The inquiry into the judge’s outbursts revealed he asked a Black person in court if “you’re a Kansas boy” and spoke of a Black athlete as “not even a Kansas boy,” which could be viewed as demeaning to African American men, Thompson said. He also said the judge had expressed regret for using the word “boy,” but disciplinary action was called for in this instance.

“You should not be asked by someone, who clearly has been shown to have a terrible choice of words, to ignore the findings of the panel,” Thompson said.

Chris Joseph, the attorney representing Cullins before the Supreme Court, said his client did violate the code of conduct for judges. He urged the Supreme Court to issue an admonishment rather than public censure. He didn’t object to the disciplinary panel’s recommendation the Supreme Court require up to two years of counseling and block Cullins from returning to the position of chief judge of the 14th District.

“I do think admonition is sufficient, but if you are going to give him the public censure, what matters most to Judge Cullins is that he’s not deemed a racist or a bigot. He’s not,” Joseph said.

During the hearing, Justice Eric Rosen asked Cullins to explain the source of his caustic demeanor and why his foul-mouthed behavior appeared to escalate.

Cullins said the allegations were tied to a period in which he suffered back pain that disrupted his sleep. He also said it was true that he had “an abrasive personality” in which he freely cussed. He said he was convinced he ran an orderly courtroom and made fair judicial decisions.

Justice Dan Biles appeared to share the view of other justices that Cullins’ conduct fell short of professional standards expected in Kansas.

“You appreciate, do you not, that it’s simply intolerable to have our judges abusing any employee in the entire system. Right?” Biles said.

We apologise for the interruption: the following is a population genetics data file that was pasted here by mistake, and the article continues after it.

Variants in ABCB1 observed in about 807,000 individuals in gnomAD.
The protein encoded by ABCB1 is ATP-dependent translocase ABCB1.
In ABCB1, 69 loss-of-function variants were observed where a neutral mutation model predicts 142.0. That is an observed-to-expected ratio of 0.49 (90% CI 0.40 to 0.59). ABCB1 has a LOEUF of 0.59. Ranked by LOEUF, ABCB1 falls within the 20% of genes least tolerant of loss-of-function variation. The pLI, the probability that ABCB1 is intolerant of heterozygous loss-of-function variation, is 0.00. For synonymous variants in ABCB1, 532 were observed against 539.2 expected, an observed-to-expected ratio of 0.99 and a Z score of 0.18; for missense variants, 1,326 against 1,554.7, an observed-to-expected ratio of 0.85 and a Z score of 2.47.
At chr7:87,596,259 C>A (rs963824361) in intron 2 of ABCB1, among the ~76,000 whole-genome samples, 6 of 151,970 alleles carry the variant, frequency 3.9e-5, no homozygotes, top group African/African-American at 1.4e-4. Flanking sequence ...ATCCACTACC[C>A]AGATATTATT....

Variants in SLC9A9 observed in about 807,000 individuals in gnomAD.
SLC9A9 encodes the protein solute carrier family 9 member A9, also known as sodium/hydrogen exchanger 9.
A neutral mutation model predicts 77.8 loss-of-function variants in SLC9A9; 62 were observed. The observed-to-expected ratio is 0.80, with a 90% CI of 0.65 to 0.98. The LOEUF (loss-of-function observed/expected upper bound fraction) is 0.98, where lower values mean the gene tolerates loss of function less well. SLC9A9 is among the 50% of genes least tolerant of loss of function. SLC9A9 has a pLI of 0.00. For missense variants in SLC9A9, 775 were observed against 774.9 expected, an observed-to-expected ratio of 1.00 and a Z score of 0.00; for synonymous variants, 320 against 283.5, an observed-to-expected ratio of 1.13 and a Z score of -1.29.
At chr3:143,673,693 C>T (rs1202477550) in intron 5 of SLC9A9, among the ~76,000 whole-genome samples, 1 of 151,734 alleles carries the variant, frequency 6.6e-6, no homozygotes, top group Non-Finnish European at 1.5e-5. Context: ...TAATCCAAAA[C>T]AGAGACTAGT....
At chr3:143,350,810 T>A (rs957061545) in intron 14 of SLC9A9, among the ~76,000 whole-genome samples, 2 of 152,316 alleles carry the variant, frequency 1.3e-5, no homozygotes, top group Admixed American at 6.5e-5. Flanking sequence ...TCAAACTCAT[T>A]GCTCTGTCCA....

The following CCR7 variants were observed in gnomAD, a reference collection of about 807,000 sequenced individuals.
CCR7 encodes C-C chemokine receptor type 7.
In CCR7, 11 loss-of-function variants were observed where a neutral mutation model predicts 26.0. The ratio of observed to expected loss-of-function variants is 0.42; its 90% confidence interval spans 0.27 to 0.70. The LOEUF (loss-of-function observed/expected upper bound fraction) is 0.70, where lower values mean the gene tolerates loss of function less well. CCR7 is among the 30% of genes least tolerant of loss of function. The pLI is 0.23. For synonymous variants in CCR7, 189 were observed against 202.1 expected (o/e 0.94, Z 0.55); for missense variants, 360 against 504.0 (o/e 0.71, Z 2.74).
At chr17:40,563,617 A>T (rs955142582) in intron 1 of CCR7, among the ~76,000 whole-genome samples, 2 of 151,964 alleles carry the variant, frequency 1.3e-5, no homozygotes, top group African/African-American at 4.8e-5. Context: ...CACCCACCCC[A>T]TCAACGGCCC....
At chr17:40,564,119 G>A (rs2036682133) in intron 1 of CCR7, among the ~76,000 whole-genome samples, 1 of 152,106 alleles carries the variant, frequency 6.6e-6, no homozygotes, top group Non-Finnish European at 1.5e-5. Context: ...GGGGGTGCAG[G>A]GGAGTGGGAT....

“Yes,” Cullins said. “I’ve always tried to balance out my curtness, my bluntness by talking to people. I made an error in this sense of talking to people too sternly, hoping I could just get them back on the rails without anybody getting written up. I won’t make that mistake again.”

“What assurance do we have of that, that you won’t make that mistake again?” Biles asked. “I honestly don’t accept the idea that I can be nice to 90 people and abusive to two and that’s okay.”

Justice Evelyn Wilson said at the hearing Cullins affirmed he frequently used the F-word at the courthouse, but sought assurances the judge understood the word was extremely offensive.

Wilson reminded Cullins most court employees or people with business before his court would be reluctant to complain about abusive conduct by a judge.

“Your power differential, which exists all the time, may be preventing people from confronting you with things that you do that make them uncomfortable,” Wilson said.

Before working as a district court judge, Cullin was in private practice for more than a decade. He also was the city prosecutor for Independence and city attorney in Coffeyville.

Justice Caleb Stegall asked Thompson, who represented the state in the disciplinary case, if Cullins would be in front of the Supreme Court if he hadn’t used “f***” so many times at the courthouse.

“Yes, I think we would,” Thompson said. “There was a turnover of employees. If he had not used obscenities, but ordered them to sit down and shut up, and they weren’t allowed to defend themselves, and used loud and angry voices … his behavior would still have caused us to be here.”